See Ya Later, Bub!

After years of wandering the world, doing what he does best (which isn’t very nice), Wolverine, the most lethal and bad ass mutant in the Marvel Universe, is finally at the end of his road.

See ya later, Bub.

It is as the title says. In this 4-issue series called Death of Wolverine, which has been teased months before, Wolverine is going to “die”. I say “die” because superhero characters rarely ever stay dead. Batman, Captain America, Superman, they’ve all bit the dust at some point in time only to eventually come back a few years later. Comic book death happens so often these days that it’s come to the point that the spectacle has lost significance.

So the question now isn’t, “will Wolverine die?” The question is “how is Wolverine going to die?” How will the writers give him a lasting, impactful send-off despite the fact that we all know he’s probably coming back sooner or later?

This series had the overwhelming responsibility to do three things: 1) make it plausible that Logan could die like this, 2) write a send-off for Wolverine that will HONOR the character’s history, and 3) have him go out in the most EPIC way possible! Was the series able to accomplish its task?


The story opens to Wolverine, fresh from a battle. He’s tired and weary. He’s lost his healing factor (for some reason) and it couldn’t have come at a worse time. A hit has been put on his head and he doesn’t know why or from whom. Death of Wolverine takes Logan around the globe to find out why he’s being hunted and to put a stop to it once and for all.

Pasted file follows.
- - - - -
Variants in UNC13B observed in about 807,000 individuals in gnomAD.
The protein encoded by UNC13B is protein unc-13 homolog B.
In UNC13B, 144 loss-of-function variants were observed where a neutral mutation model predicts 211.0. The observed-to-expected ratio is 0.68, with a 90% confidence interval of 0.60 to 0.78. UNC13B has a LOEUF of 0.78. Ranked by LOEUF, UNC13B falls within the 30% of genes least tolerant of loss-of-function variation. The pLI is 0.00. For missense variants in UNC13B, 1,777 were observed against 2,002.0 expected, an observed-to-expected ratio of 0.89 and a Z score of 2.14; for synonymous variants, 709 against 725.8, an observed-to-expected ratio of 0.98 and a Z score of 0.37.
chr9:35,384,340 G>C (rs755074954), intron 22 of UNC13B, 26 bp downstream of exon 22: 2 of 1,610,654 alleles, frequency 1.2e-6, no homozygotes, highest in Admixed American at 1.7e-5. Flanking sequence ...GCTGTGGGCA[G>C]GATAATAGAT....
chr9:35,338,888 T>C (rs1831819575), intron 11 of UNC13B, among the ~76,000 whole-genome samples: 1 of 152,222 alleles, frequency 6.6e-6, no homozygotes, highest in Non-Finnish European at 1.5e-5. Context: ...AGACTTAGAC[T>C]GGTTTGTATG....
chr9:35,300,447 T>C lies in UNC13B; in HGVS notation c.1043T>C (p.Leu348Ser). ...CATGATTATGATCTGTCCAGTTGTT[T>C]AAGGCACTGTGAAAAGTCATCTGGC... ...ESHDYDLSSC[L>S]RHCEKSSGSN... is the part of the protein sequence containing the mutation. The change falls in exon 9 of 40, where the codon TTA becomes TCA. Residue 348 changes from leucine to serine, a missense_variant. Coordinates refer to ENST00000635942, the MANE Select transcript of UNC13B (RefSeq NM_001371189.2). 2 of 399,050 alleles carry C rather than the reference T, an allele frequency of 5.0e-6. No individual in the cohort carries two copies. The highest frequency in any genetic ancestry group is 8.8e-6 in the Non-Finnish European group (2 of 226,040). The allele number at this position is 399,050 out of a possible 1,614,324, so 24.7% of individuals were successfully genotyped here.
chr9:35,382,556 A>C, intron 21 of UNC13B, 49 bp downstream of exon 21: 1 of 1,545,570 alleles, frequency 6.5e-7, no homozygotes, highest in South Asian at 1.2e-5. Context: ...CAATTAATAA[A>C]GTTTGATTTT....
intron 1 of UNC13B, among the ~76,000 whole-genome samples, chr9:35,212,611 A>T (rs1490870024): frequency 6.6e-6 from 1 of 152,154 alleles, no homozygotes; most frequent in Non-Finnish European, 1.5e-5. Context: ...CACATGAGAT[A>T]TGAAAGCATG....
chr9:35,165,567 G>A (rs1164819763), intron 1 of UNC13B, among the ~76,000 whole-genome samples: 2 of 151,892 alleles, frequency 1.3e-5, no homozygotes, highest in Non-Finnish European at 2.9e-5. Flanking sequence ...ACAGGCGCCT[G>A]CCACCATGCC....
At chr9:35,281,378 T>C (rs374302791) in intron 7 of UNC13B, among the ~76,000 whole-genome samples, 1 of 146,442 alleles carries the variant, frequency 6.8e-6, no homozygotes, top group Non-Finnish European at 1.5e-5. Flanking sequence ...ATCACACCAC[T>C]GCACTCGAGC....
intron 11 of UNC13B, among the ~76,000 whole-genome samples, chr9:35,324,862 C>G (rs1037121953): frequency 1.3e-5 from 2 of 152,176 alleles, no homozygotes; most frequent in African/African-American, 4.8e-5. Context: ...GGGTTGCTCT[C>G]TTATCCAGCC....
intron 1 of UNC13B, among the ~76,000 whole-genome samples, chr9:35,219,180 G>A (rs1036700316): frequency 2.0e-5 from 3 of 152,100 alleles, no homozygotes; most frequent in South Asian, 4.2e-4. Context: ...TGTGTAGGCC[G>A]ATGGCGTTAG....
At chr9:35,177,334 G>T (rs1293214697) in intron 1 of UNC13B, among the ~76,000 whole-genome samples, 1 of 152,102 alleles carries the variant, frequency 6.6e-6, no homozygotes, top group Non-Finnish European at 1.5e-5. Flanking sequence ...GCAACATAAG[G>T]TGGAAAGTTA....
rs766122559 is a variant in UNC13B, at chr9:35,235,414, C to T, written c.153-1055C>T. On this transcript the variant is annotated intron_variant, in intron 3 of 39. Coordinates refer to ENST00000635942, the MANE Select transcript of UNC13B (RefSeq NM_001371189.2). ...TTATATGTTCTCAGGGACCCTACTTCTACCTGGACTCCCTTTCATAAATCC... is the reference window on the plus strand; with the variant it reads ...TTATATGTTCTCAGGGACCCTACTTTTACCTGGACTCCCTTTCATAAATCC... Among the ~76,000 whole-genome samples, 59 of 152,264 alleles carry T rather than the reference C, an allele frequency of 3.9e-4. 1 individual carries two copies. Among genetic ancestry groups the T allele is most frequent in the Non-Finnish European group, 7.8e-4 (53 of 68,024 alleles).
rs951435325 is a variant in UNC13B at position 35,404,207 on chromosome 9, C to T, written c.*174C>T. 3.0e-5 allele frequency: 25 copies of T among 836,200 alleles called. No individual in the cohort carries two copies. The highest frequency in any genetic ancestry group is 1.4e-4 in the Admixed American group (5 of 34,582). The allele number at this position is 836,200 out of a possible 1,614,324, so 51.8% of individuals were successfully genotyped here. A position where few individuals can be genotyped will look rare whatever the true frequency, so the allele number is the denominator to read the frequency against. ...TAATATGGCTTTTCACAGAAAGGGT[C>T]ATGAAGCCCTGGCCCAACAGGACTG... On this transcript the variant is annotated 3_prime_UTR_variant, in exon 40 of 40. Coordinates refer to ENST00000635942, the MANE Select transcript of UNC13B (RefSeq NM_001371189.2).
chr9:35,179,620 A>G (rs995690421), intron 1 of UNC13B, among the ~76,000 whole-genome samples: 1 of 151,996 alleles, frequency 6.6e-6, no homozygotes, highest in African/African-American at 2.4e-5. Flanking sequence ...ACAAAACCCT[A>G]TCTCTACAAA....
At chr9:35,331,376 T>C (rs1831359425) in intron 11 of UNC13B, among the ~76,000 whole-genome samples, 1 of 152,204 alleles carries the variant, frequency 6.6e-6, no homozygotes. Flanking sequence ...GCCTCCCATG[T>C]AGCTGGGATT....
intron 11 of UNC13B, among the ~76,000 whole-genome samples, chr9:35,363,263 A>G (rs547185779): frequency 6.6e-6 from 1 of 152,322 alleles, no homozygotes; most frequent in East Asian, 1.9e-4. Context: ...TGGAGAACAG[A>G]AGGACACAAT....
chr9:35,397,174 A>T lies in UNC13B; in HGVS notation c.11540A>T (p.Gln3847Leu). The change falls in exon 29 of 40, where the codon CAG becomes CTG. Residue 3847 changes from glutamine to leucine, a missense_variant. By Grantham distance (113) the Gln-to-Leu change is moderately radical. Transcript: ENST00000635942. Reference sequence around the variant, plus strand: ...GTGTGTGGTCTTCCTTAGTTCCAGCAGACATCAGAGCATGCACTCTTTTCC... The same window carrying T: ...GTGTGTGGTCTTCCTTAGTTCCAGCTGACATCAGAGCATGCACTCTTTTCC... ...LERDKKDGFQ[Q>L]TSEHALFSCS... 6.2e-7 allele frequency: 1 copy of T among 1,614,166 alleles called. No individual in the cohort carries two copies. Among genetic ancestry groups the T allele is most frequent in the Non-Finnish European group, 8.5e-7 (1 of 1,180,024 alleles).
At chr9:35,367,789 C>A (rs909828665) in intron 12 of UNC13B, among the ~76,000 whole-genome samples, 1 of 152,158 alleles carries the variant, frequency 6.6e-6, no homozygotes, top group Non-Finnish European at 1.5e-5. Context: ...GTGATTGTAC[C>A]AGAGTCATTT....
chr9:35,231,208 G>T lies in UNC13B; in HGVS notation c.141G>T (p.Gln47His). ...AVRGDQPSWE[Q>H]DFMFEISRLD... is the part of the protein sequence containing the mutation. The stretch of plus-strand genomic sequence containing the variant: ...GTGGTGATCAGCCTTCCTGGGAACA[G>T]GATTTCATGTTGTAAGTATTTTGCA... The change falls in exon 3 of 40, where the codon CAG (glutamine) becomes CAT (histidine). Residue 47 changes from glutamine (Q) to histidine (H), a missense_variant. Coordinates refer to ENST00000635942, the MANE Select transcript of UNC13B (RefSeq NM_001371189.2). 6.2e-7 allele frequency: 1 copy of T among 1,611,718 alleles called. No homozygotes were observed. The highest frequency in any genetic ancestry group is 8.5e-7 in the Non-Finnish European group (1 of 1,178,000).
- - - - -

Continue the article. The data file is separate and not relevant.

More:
One thing the book assumes you knew was that Wolverine has lost his healing factor. If you were expecting this book to explain how anyone could kill a self-healing mutant like Wolverine, then you will most likely be disappointed. Without his healing factor, then the way he dies suddenly lost some value. Now everything is plausible. Logan could get killed by Ebola, a dog bite, hell, a freakin’ splinter could kill him!

That looked like it hurt.

Why is this so important, you ask? Well Logan’s healing factor has been a HUGE part of the Wolverine lore. His character is essentially the unkillable killer. So with a title like "Death of Wolverine", one would naturally wonder how he’s killed despite his pseudo-immortality. Not even touching on the subject felt like the writer side-stepped something vital.


Speaking of the writing, the plot is fairly simple and sadly cliché. You’d think Logan's last hurrah would be a bit more intricate. But as I read through it, I realized that it’s not so much the reason for his globetrotting that’s significant, as it is the globetrotting itself.

In his search for the man behind the hit on him, Logan ends up revisiting memorable places from his past – Canada, his birth place, Madripoor, a fictional city where Logan’s spent time as a bar owner, Japan, where he became a samurai and got married, and the Weapon X facility, where Wolverine was essentially made. And during his travels, he meets some of his more iconic associates like Lady Deathstrike, Sabretooth (of course) and Kitty Pride to name a few. After a few flashbacks, you’ll immediately feel that this isn’t a plot driven story, but more like a trip down memory lane where the story is tailor fit to the destination (and character appearances). At times it even felt like the writer was doing a checklist more than he was concerned about plot logic. Like why would Ogun need to bring Logan to Japan when he had the upper hand already in Madripoor? And why wouldn’t Kitty Pride assist Wolverine in his final destination, especially knowing that Logan was vulnerable? You know, the little things.